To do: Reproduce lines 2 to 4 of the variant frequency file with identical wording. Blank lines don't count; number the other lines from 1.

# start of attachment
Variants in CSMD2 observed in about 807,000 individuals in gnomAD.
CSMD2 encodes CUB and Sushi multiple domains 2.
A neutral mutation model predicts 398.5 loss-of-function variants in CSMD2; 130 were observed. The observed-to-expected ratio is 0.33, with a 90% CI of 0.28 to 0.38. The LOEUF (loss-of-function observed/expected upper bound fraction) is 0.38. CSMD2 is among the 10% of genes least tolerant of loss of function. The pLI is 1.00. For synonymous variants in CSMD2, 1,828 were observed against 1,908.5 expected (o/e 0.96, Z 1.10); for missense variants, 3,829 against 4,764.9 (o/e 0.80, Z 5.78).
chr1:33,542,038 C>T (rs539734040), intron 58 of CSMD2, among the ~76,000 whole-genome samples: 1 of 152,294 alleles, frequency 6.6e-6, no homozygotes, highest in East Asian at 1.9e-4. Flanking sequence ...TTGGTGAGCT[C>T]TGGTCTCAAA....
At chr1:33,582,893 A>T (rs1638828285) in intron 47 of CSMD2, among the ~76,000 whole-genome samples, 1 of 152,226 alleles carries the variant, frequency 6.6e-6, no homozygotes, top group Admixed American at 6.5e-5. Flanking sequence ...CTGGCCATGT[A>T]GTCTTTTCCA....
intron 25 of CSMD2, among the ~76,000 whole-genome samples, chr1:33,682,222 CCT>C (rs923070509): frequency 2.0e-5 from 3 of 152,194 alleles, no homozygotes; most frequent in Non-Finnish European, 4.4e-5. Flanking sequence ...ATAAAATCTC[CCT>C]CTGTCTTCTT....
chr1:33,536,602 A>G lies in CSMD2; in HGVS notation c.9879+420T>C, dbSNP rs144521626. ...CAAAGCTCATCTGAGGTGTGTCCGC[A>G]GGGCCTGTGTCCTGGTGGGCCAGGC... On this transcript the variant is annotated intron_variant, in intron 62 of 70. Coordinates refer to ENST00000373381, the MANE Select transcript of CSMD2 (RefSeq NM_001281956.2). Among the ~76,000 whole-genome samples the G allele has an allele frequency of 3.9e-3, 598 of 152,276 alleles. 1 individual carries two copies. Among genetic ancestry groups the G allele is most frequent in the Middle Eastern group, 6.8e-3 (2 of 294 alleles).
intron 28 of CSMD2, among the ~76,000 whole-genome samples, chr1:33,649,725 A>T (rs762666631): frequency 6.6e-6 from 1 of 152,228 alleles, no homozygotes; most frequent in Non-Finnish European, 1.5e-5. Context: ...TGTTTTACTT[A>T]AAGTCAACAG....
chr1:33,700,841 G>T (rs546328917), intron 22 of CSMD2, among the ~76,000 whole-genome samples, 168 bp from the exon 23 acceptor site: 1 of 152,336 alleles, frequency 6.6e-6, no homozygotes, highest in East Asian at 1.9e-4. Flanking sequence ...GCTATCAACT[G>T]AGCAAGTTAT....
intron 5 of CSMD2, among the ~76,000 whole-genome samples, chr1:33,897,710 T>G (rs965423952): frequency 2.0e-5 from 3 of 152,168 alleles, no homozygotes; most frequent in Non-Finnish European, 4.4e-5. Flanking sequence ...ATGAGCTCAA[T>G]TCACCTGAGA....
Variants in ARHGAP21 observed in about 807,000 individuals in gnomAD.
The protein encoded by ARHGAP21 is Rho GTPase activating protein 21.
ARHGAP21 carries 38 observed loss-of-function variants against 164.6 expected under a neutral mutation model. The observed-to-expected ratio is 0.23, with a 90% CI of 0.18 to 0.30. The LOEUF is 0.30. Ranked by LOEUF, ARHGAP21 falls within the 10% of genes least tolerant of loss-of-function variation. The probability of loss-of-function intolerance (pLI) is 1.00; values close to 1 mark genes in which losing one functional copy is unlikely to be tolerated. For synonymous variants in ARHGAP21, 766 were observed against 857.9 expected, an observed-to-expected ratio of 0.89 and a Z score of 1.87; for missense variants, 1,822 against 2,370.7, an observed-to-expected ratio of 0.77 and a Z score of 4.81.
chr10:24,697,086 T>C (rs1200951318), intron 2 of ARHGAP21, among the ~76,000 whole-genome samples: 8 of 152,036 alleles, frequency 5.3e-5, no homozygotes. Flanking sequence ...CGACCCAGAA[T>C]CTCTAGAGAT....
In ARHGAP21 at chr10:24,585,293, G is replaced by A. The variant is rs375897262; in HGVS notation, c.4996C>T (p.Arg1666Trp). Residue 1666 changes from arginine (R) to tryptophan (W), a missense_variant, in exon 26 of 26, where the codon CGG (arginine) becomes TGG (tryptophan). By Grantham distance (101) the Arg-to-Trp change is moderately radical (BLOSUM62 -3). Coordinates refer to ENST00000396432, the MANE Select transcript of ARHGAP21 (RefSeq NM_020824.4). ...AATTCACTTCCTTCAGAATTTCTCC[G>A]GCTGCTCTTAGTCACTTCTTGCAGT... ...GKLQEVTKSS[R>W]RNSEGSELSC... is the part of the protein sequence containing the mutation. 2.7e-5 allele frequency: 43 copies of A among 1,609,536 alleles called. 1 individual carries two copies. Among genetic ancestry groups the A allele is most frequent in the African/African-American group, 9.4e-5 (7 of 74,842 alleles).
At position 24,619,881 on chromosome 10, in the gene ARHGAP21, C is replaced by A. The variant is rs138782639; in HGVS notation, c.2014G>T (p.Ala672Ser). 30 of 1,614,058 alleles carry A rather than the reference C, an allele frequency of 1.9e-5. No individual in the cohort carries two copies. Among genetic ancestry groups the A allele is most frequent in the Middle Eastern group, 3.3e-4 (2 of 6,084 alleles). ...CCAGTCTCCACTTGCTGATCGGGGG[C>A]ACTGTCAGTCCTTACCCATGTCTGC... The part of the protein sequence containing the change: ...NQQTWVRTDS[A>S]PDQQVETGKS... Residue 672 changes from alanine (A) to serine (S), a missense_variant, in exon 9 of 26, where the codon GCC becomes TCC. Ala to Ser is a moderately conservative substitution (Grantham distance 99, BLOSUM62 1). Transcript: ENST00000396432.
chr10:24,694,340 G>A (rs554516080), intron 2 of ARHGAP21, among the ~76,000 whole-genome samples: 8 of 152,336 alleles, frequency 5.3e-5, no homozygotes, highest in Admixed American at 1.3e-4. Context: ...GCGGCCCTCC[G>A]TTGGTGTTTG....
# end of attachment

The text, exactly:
CSMD2 encodes CUB and Sushi multiple domains 2.
A neutral mutation model predicts 398.5 loss-of-function variants in CSMD2; 130 were observed. The observed-to-expected ratio is 0.33, with a 90% CI of 0.28 to 0.38. The LOEUF (loss-of-function observed/expected upper bound fraction) is 0.38. CSMD2 is among the 10% of genes least tolerant of loss of function. The pLI is 1.00. For synonymous variants in CSMD2, 1,828 were observed against 1,908.5 expected (o/e 0.96, Z 1.10); for missense variants, 3,829 against 4,764.9 (o/e 0.80, Z 5.78).
chr1:33,542,038 C>T (rs539734040), intron 58 of CSMD2, among the ~76,000 whole-genome samples: 1 of 152,294 alleles, frequency 6.6e-6, no homozygotes, highest in East Asian at 1.9e-4. Flanking sequence ...TTGGTGAGCT[C>T]TGGTCTCAAA....